According to recent salary surveys by NBAA and the National Air Transportation Association (NATA), the pilots who fly the biggest jets for the biggest companies bring home the biggest paychecks–no surprise there. And while seasoned business jet captains usually earn six-figure salaries, it takes years of earning little while spending lots on training to achieve that coveted spot in the left seat. The good news is, pilots of all experience levels are gradually seeing more quality of life benefits included as part of their overall compensation packages–things like flexible work schedules and guaranteed time off.
“It mirrors what I would say is generally true in the broader economy,” said Steve Brown, NBAA senior vice president of operations. The 2006 NBAA Compensation & Benchmark Survey encompasses responses from 904 flight departments of varying sizes, representing 853 aircraft and 3,571 employees, including 2,274 pilots, 87 flight attendants, 352 maintenance technicians and other flight department staff. More than half of the 461 chief pilots who responded said they fly a small to midsize jet, bringing home an average base salary of $105,520 and an average total compensation package worth $113,726. The 213 copilots who responded earned an average base salary of $59,196 with an average total compensation package worth $62,662.
By grouping the results based on a company’s annual sales, assets, industry and geographic location, the NBAA study attempts to provide a snapshot of what a typical flight department with particular characteristics looks like, rather than an aggregation of all flight department activity. Pilots working for the smallest companies–defined as having less than $100 million in corporate sales, less than $500 million in assets and only one aircraft–actually received the largest percentage increase in salary from 2004 to 2005. Brown said this relationship varies from year to year, and is largely a reflection of how competitive the job market is at the time.
According to the NBAA survey, the lowest reported base salary for a copilot with less than two years of experience in that position was just over $21,000, with the average being $52,762. More than half of the copilots who responded were fairly new on the job, while those with more experience pulled in as much as $75,000 a year. Most of the pilots who responded identified themselves as captains (1,324) and among those there was a wide gap between the lowest reported base salary for a midsize jet captain ($30,000) and the highest ($200,000) with an average reported base salary of about $90,000 in this size jet. Multi-engine turbine helicopter pilots, meanwhile, reported earning an average base salary of $105,580 per year.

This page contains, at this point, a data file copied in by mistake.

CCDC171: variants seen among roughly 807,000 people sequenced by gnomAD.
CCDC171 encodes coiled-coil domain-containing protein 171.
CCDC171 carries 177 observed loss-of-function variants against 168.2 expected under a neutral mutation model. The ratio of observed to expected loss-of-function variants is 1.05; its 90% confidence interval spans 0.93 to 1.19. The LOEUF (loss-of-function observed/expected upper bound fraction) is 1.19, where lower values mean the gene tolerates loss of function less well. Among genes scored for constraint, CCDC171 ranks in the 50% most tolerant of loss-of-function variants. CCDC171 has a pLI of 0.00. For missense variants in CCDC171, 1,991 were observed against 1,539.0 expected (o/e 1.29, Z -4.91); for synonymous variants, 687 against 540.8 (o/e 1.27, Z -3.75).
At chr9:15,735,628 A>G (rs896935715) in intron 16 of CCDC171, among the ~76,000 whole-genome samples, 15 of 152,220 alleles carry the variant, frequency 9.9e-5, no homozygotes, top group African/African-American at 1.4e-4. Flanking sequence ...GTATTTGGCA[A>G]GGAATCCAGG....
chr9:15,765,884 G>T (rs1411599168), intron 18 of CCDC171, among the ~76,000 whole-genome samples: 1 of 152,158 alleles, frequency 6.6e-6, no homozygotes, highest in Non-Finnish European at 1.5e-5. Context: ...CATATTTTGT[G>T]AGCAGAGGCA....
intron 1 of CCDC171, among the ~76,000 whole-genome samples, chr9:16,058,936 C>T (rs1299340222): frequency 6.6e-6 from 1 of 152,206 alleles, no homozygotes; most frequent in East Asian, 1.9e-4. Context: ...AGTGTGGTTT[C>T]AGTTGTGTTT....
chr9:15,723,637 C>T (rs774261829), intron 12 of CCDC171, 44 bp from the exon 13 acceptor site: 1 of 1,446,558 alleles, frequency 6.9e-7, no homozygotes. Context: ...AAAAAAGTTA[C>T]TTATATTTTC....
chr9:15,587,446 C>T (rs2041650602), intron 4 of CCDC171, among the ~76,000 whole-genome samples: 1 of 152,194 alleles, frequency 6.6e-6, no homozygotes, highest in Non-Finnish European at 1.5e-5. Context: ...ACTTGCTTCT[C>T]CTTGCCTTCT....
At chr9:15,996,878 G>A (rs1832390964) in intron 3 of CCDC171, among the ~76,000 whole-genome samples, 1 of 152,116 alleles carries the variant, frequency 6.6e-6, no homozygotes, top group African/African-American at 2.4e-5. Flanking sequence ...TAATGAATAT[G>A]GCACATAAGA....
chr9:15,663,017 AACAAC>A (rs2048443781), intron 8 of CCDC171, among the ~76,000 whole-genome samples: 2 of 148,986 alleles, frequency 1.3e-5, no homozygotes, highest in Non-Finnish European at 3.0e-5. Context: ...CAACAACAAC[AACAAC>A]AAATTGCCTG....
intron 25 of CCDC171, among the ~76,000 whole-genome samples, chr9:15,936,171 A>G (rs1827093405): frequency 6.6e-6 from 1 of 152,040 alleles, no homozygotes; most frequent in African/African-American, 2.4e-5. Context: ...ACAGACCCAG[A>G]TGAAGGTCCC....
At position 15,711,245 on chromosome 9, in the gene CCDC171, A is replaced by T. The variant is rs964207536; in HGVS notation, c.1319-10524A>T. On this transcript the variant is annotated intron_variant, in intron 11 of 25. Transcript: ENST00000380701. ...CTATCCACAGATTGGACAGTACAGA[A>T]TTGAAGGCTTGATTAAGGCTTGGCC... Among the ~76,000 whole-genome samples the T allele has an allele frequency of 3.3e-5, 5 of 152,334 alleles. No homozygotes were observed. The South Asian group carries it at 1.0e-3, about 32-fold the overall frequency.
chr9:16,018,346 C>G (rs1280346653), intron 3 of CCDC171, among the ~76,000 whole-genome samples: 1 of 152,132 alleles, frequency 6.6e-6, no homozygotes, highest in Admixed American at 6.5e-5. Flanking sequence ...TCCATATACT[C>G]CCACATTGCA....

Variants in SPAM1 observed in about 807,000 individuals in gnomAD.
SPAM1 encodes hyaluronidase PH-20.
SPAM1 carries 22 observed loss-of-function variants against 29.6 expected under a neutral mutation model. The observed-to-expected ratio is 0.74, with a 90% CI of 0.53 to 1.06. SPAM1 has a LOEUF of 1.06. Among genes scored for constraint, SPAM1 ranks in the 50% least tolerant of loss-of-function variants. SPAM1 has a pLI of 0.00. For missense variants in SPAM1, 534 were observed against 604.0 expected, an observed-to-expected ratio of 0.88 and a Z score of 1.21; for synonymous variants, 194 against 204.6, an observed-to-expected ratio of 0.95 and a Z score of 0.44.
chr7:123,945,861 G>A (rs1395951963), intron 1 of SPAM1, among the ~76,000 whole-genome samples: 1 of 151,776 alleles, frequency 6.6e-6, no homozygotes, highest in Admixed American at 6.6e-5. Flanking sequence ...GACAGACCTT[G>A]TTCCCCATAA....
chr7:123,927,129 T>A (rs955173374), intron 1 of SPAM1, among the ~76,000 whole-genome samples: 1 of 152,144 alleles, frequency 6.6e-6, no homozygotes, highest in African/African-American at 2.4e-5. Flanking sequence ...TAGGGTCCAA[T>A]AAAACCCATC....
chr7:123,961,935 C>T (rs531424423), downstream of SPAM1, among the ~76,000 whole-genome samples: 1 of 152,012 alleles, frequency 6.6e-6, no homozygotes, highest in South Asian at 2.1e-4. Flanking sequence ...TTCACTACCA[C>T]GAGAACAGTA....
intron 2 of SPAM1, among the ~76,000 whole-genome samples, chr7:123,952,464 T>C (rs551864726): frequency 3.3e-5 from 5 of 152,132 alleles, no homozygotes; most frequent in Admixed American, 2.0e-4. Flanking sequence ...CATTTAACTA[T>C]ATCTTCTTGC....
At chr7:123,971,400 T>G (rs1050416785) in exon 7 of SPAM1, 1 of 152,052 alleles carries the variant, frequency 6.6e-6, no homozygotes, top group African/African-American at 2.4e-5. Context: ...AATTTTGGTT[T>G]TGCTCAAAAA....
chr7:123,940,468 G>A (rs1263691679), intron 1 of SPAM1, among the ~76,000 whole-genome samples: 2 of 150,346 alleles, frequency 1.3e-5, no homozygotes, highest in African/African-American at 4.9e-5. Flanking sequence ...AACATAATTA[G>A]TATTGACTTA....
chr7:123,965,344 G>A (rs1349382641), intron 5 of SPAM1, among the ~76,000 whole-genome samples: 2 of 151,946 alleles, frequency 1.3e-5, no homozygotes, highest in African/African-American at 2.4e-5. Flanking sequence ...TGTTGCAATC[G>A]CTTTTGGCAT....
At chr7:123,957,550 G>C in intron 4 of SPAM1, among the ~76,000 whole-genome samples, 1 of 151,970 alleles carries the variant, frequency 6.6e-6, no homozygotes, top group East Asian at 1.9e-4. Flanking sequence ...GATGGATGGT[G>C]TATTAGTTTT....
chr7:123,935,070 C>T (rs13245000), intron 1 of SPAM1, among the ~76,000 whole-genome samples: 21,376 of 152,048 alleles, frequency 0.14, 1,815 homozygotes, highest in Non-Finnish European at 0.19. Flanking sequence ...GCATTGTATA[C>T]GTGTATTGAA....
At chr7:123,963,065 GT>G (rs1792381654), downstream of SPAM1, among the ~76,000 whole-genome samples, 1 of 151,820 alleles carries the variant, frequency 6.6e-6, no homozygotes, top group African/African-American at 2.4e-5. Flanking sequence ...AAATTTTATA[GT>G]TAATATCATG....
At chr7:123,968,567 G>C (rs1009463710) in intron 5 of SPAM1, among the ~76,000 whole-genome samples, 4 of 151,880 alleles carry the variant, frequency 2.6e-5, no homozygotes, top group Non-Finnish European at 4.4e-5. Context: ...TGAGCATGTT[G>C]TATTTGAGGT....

“The charter business is staying stronger and getting stronger,” said Alan Darrow, NATA vice president and chief financial officer. “That was initially surprising, mostly because of fuel prices. Where is that point obtained when people will stop flying because of operating costs? We haven’t reached that point. That’s good news. Anecdotally, we’re finding and hearing that charter business is strong as commercial airlines become more and more problematic to fly.”
The NATA survey of general aviation service employee compensation includes salaries and benefits for pilots, line-service personnel and maintenance technicians based upon data collected from 290 companies employing nearly 10,000 people. Like the NBAA survey, the NATA survey breaks down the results by geographic region, company gross sales and by the number of employees in the company. However, the NATA study includes more detailed information about the types of compensation and benefits offered to employees.
According to NATA, the top three benefits offered to employees were cellphones (56.2 percent of all respondents), mechanics’ uniforms (53.8 percent) and line service uniforms (52.8 percent). More than half had a Section 125 Flexible Spending Account or adopted a 401(k) plan, similar to the numbers from last year. However, health insurance coverage for line service personnel and mechanics continued to shrink, offered by only 3.1 percent of companies this year versus 5.5 percent last year.
Darrow said that, overall, pilots are much better off today than they were five years ago. He noted that previous NATA survey data shows the average salary of a heavy jet captain rose from about $6,200 a month in 2002 to nearly $8,200 a month in 2005. The NBAA survey indicated that in 2005, heavy jet captains earned an average of more than $13,000 per month, but Darrow acknowledged that NATA survey respondents include many smaller Part 91 operations and flight schools that are not represented in the NBAA study. Nearly 80 percent of the companies responding to the NATA survey reported annual sales of less than $20 million, whereas about 53 percent of the companies responding to the NBAA survey reported annual sales of more than $100 million.